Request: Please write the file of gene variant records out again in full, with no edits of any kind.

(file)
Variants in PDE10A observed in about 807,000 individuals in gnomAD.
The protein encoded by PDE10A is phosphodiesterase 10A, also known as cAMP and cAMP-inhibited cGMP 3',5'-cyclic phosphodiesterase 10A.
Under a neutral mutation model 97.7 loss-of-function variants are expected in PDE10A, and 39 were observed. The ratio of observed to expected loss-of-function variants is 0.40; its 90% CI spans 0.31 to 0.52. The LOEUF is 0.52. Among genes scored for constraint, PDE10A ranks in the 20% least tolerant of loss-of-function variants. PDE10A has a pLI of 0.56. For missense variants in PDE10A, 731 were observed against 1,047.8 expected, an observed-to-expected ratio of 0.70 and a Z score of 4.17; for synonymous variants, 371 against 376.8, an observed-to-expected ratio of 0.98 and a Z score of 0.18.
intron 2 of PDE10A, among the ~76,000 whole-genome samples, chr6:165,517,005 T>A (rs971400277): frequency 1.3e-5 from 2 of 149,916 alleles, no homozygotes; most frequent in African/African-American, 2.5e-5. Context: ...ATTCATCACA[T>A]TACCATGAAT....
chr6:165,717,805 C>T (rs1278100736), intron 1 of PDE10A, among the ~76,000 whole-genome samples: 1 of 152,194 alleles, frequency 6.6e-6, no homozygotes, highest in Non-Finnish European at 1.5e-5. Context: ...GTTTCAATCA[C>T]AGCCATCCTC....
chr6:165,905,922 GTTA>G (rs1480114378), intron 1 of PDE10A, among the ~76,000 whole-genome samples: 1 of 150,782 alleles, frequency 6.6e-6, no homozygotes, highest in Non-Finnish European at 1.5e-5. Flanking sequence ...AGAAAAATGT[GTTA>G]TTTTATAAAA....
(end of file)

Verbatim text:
Variants in PDE10A observed in about 807,000 individuals in gnomAD.
The protein encoded by PDE10A is phosphodiesterase 10A, also known as cAMP and cAMP-inhibited cGMP 3',5'-cyclic phosphodiesterase 10A.
Under a neutral mutation model 97.7 loss-of-function variants are expected in PDE10A, and 39 were observed. The ratio of observed to expected loss-of-function variants is 0.40; its 90% CI spans 0.31 to 0.52. The LOEUF is 0.52. Among genes scored for constraint, PDE10A ranks in the 20% least tolerant of loss-of-function variants. PDE10A has a pLI of 0.56. For missense variants in PDE10A, 731 were observed against 1,047.8 expected, an observed-to-expected ratio of 0.70 and a Z score of 4.17; for synonymous variants, 371 against 376.8, an observed-to-expected ratio of 0.98 and a Z score of 0.18.
intron 2 of PDE10A, among the ~76,000 whole-genome samples, chr6:165,517,005 T>A (rs971400277): frequency 1.3e-5 from 2 of 149,916 alleles, no homozygotes; most frequent in African/African-American, 2.5e-5. Context: ...ATTCATCACA[T>A]TACCATGAAT....
chr6:165,717,805 C>T (rs1278100736), intron 1 of PDE10A, among the ~76,000 whole-genome samples: 1 of 152,194 alleles, frequency 6.6e-6, no homozygotes, highest in Non-Finnish European at 1.5e-5. Context: ...GTTTCAATCA[C>T]AGCCATCCTC....
chr6:165,905,922 GTTA>G (rs1480114378), intron 1 of PDE10A, among the ~76,000 whole-genome samples: 1 of 150,782 alleles, frequency 6.6e-6, no homozygotes, highest in Non-Finnish European at 1.5e-5. Flanking sequence ...AGAAAAATGT[GTTA>G]TTTTATAAAA....